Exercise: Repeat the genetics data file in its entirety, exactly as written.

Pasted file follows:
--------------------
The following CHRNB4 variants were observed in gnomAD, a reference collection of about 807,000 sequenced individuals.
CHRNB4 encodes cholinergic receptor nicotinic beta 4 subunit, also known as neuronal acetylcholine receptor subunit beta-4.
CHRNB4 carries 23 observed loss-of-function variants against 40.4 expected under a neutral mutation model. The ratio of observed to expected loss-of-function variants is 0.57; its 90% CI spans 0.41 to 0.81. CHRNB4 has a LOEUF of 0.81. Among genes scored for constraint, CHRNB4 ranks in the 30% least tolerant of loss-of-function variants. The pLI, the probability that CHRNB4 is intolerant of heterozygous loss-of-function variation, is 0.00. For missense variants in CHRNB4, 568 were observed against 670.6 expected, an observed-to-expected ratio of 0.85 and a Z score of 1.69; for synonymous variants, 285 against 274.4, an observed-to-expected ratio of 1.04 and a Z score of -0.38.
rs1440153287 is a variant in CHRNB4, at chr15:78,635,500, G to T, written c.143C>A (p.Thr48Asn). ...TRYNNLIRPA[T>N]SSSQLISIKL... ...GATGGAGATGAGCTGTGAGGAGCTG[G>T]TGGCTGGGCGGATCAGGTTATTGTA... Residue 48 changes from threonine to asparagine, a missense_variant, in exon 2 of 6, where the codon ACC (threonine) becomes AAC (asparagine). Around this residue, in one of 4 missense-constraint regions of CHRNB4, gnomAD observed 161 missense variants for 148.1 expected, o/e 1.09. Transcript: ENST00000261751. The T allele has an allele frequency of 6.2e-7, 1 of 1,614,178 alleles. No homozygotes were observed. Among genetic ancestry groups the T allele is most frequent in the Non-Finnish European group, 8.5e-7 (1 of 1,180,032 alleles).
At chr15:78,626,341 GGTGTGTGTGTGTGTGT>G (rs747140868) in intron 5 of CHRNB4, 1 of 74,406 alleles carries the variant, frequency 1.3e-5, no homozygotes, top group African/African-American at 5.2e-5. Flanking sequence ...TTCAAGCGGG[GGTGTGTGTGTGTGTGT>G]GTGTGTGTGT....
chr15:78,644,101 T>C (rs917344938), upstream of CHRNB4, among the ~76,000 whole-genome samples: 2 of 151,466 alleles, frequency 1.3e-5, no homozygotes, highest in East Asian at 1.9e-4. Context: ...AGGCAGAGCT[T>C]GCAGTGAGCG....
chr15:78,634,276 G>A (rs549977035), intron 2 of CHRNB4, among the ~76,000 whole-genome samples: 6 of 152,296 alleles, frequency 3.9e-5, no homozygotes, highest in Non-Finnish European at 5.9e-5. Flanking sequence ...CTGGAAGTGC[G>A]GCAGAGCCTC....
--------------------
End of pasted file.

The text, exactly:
The following CHRNB4 variants were observed in gnomAD, a reference collection of about 807,000 sequenced individuals.
CHRNB4 encodes cholinergic receptor nicotinic beta 4 subunit, also known as neuronal acetylcholine receptor subunit beta-4.
CHRNB4 carries 23 observed loss-of-function variants against 40.4 expected under a neutral mutation model. The ratio of observed to expected loss-of-function variants is 0.57; its 90% CI spans 0.41 to 0.81. CHRNB4 has a LOEUF of 0.81. Among genes scored for constraint, CHRNB4 ranks in the 30% least tolerant of loss-of-function variants. The pLI, the probability that CHRNB4 is intolerant of heterozygous loss-of-function variation, is 0.00. For missense variants in CHRNB4, 568 were observed against 670.6 expected, an observed-to-expected ratio of 0.85 and a Z score of 1.69; for synonymous variants, 285 against 274.4, an observed-to-expected ratio of 1.04 and a Z score of -0.38.
rs1440153287 is a variant in CHRNB4, at chr15:78,635,500, G to T, written c.143C>A (p.Thr48Asn). ...TRYNNLIRPA[T>N]SSSQLISIKL... ...GATGGAGATGAGCTGTGAGGAGCTG[G>T]TGGCTGGGCGGATCAGGTTATTGTA... Residue 48 changes from threonine to asparagine, a missense_variant, in exon 2 of 6, where the codon ACC (threonine) becomes AAC (asparagine). Around this residue, in one of 4 missense-constraint regions of CHRNB4, gnomAD observed 161 missense variants for 148.1 expected, o/e 1.09. Transcript: ENST00000261751. The T allele has an allele frequency of 6.2e-7, 1 of 1,614,178 alleles. No homozygotes were observed. Among genetic ancestry groups the T allele is most frequent in the Non-Finnish European group, 8.5e-7 (1 of 1,180,032 alleles).
At chr15:78,626,341 GGTGTGTGTGTGTGTGT>G (rs747140868) in intron 5 of CHRNB4, 1 of 74,406 alleles carries the variant, frequency 1.3e-5, no homozygotes, top group African/African-American at 5.2e-5. Flanking sequence ...TTCAAGCGGG[GGTGTGTGTGTGTGTGT>G]GTGTGTGTGT....
chr15:78,644,101 T>C (rs917344938), upstream of CHRNB4, among the ~76,000 whole-genome samples: 2 of 151,466 alleles, frequency 1.3e-5, no homozygotes, highest in East Asian at 1.9e-4. Context: ...AGGCAGAGCT[T>C]GCAGTGAGCG....
chr15:78,634,276 G>A (rs549977035), intron 2 of CHRNB4, among the ~76,000 whole-genome samples: 6 of 152,296 alleles, frequency 3.9e-5, no homozygotes, highest in Non-Finnish European at 5.9e-5. Flanking sequence ...CTGGAAGTGC[G>A]GCAGAGCCTC....